"The Arizona system is not particularly good," says Bob Hess, director of the National Alliance on Mental Illness' Arizona chapter. "But as a nation we're not good - basically everyone stinks together."

For 12 years, I've lived in Bozeman, Mont., a prosperous New West college town. If you're crazy in Bozeman and having a serious breakdown, you'll probably be hauled more than 100 miles, to the nearest hospital psych ward. On some nights every psychiatric bed in Montana is full. Then the Bozeman hospital (which has no psych unit) might admit you to spend the night under watch of a security guard.

Recent scandals in Western states include physical and sexual abuse, even suicides, right inside hospitals. More changes are needed, but they must be cataclysmic, not just incremental. We must change the way we think about mental health. As Dr. Bruce Kahn, with the nonprofit Valley Mental Health in Salt Lake City, says, "We need a health-care policy that would not discriminate based on which organ of the body is afflicted."


I think back to how John would get frustrated and smash things he cared about. Sometime in the 1970s, when he was living in Illinois with Kate, I came from Colorado for a visit. Somehow he got pissed off at the car he had at the time, the old Falcon. He took a hammer and began beating on it in the driveway.

From inside the house, I could hear the kawack of the hammer blows on steel and the tinkling broken glass. I went out, thinking I might be able to handle it. When I confronted John in the driveway, though, he didn't seem to know me. He walked around the crumpled machine, selected another spot and smashed it. I asked him to move the car down the street, telling him he was disturbing the neighbors - grasping for sanity. Wild-eyed, he said he wanted to do it here. He held the hammer over his head and glared at me, scaring me. I grabbed his wrist and punched him on the forehead. He punched me and ripped my shirt as I took the hammer and pulled away. We faced each other, panting for air and bleeding onto the blacktop. Then I thought, What the hell? I handed him back the hammer and went back into the house. The hammer blows began anew.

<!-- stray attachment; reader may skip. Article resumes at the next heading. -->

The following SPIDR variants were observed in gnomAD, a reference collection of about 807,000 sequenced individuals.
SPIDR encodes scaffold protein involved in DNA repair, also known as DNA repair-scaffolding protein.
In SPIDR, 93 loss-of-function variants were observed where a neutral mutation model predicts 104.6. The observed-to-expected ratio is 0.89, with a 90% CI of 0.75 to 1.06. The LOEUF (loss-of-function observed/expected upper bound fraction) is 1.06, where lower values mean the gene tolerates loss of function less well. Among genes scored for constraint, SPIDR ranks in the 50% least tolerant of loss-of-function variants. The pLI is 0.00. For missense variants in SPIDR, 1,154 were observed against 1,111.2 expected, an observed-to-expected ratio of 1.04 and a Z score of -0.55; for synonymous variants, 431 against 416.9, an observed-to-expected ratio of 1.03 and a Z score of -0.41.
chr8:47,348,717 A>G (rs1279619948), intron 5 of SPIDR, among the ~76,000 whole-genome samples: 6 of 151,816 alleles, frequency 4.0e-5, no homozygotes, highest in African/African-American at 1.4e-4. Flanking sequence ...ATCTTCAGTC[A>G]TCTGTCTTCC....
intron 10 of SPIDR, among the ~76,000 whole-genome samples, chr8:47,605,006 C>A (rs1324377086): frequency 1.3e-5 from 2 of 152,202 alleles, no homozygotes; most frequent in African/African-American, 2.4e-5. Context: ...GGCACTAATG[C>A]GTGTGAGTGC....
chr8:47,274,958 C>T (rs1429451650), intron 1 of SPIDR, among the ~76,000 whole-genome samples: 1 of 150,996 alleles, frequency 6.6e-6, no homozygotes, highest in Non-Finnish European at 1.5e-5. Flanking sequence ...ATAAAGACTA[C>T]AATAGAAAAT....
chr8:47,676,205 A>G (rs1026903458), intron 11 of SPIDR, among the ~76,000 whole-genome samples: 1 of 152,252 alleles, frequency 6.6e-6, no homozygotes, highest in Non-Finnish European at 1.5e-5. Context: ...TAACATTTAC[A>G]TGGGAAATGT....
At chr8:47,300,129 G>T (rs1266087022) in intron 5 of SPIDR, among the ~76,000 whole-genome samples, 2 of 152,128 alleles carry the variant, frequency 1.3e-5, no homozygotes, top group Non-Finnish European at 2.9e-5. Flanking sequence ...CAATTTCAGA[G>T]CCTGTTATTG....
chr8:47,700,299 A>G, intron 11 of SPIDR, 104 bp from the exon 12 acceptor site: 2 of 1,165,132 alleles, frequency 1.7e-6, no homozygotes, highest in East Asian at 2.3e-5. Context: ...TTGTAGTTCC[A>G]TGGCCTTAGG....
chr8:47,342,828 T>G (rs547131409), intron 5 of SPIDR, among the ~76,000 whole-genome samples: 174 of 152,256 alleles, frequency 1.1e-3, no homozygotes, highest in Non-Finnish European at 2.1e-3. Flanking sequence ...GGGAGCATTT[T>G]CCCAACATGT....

Now my only regret about that scene is that I didn't appreciate the statement he was making. I should have built a bonfire, eased back in a lawn chair and shouted encouragement: "You missed a spot, John! There's a piece of chrome trim sneering indifference! Go get 'em, crazy John!"

When I returned to Tucson for his funeral, I went hiking in Tanque Verde Canyon at sunset. I found water and went barefoot into it. Walking up the trail out of the canyon, alone in the dusk, I heard a great horned owl hooting. The huge bird was perched atop a tall saguaro cactus silhouetted against the full moon. I watched the owl for a long time. The owl tipped forward to let loose each hoo-hooo-hooo-hooo! with all the volume and force in its body. Hoot after hoot.

On that trip, I also went to the apartment where John killed himself. I felt the terribleness there. Then another strange thing happened: The feeling changed to something golden, like a sunrise coming into the room and into me. I am not a religious person, but I could feel John in it, telling me he had finally found a better place. I have never felt that feeling again. It is not enough to put my turmoil to rest. But I am proud of how he bore his burden, and I understand that he needed to find a way out.

I inherited John's toolboxes, including that ball-peen hammer. And I have a cardboard box with a few things I gathered from his last apartment: a little plastic trophy he won in a pool tournament, triangles for his mechanical drawing, the classified ads where he shopped for the gun. And notebooks in which he kept meticulous journals at times. March 16, 1987: "Just when you think you have an upper hand ..."